Balance of independent study and scheduled teaching activity

For taught course students theoretical input will be through lectures and seminars. Online students will receive the same theoretical input through bespoke on-line module materials with access to an allocated tutor who is available to support them online as well as by e-mail or by telephone.

All students will benefit from a blended learning approach through the use of Web Learn for supplementary materials, links to E-books, on-line discussions and self-assessment exercises such as quizzes and reflective tasks.

Reflection and discussion are key to teaching for all students – for taught students this will be in the context of tutor-led sessions while for distance learning students reflection will be promoted by the exercises incorporated into the web-based materials.  For all students experiential learning promotes their growing ability to act as a reflective practitioner.

Teaching and learning strategies and methods also focus on workplace skills and professionalism. All students undertake and reflect on observations in the workplace and weekly tasks and reflective exercises support increased knowledge and understanding. Observations, action research, work-related tasks and the use of development planning tools support the growth of practitioners’ professional competence.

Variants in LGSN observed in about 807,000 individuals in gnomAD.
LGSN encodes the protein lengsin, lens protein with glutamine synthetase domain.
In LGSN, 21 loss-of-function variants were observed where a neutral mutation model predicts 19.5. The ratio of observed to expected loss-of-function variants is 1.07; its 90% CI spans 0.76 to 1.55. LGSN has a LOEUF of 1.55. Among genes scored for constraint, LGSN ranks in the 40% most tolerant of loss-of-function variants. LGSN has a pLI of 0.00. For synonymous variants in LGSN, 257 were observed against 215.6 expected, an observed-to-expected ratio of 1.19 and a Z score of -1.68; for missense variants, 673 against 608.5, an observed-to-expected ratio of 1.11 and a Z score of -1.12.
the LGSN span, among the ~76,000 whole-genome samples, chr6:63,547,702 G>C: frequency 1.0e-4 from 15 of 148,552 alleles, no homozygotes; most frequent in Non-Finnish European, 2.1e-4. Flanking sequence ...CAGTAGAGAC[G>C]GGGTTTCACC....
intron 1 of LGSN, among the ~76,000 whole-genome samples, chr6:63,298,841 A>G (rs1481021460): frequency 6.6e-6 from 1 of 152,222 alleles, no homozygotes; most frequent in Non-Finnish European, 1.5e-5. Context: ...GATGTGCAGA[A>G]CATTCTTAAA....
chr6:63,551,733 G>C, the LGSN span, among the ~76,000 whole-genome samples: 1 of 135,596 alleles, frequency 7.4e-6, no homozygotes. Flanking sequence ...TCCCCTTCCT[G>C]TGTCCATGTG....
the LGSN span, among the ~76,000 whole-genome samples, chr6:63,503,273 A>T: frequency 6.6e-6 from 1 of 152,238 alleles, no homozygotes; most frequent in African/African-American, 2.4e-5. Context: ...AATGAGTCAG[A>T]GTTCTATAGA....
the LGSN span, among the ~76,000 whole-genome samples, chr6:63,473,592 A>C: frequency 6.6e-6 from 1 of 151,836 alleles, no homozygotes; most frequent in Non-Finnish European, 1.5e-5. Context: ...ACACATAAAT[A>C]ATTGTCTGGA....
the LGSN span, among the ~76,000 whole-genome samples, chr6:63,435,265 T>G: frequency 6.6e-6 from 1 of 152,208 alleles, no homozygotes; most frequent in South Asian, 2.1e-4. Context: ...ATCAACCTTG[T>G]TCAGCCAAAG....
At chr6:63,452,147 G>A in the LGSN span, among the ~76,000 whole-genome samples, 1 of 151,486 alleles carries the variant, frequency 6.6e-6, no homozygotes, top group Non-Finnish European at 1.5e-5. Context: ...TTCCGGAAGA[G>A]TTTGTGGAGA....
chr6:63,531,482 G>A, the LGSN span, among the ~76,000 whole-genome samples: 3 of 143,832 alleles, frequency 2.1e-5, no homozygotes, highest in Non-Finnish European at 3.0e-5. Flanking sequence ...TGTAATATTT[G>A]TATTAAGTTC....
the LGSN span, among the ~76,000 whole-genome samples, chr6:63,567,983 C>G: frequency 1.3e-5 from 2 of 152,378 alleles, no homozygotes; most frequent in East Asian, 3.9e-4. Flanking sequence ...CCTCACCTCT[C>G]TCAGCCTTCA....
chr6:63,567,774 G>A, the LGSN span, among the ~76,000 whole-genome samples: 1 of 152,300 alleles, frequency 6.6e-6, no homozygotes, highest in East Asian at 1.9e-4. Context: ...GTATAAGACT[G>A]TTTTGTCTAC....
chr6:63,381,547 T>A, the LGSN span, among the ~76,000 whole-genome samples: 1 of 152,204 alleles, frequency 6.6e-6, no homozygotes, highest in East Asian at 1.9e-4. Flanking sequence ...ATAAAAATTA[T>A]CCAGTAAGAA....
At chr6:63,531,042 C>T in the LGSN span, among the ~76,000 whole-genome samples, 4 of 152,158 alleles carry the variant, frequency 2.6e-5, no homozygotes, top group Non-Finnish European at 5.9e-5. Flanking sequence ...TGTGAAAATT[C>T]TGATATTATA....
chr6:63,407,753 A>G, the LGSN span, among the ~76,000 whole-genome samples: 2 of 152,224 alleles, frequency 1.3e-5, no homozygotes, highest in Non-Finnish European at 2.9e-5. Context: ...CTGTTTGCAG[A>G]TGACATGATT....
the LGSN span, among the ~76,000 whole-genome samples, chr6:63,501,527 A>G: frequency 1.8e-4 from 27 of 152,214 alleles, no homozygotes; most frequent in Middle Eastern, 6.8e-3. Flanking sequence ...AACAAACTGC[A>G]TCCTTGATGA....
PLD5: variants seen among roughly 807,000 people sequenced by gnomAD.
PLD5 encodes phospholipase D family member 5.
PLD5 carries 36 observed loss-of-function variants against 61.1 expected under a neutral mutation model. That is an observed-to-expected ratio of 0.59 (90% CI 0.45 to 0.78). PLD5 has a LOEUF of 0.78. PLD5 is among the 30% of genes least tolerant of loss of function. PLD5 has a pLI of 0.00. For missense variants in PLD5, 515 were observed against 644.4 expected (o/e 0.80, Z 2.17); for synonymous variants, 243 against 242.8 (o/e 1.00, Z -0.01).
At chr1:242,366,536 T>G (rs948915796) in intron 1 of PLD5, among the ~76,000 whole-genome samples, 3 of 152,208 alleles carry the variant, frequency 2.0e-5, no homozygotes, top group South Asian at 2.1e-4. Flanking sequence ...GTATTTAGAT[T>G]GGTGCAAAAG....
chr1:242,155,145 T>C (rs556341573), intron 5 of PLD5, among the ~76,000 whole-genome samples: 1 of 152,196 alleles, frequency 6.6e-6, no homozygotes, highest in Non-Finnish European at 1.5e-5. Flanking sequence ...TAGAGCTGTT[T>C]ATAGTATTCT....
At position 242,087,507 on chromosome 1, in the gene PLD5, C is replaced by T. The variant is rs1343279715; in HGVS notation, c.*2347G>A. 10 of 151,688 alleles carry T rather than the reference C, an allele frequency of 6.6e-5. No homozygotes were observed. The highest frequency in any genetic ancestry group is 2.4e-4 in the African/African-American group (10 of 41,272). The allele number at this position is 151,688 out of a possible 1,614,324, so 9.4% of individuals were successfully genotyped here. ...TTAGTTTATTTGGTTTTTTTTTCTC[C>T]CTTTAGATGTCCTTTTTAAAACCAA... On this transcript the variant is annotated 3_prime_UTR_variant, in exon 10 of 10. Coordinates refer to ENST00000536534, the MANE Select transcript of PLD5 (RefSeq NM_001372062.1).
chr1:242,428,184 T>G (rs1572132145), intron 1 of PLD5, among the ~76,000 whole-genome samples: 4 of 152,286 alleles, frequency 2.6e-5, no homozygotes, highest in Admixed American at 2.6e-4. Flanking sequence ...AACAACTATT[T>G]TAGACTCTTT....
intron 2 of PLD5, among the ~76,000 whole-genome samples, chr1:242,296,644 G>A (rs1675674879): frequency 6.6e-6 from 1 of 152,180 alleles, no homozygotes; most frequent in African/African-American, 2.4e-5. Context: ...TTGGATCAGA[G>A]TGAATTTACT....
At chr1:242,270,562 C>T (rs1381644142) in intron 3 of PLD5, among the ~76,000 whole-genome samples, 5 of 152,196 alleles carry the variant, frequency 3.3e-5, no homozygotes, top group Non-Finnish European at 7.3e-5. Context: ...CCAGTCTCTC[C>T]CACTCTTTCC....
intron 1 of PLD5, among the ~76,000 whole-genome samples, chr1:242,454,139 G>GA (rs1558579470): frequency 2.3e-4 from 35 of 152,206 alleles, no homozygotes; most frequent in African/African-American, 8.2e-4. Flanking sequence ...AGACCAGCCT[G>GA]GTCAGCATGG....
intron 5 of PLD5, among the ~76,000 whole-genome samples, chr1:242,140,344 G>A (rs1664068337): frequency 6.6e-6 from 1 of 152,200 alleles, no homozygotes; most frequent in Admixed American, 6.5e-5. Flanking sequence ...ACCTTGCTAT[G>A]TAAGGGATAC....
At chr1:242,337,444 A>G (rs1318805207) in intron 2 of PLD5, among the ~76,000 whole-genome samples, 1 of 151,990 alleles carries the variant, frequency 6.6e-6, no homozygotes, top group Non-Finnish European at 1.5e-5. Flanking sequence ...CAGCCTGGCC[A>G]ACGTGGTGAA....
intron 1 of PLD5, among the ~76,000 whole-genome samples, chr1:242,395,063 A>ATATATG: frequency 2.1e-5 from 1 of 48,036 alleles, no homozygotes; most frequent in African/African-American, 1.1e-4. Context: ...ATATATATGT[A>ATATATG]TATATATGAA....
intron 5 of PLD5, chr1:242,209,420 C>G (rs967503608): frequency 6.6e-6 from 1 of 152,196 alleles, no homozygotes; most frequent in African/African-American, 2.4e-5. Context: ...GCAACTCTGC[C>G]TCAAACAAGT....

The development of transferable skills in presenting evidence, arguments and points of view to a range of audiences, through a range of media, including the use of ICT also supports individual learning.

Learning outcomes

On successful completion of this module students will be able to:

1. Describe, analyse and constructively critique the major research methodologies used in the field of Early Childhood Studies
2. Apply ethics in relation to research
3. Understand a range of research methods and approaches and be able to articulate when to use them
4. Be able to critique existing research in the early childhood field

Assessment strategy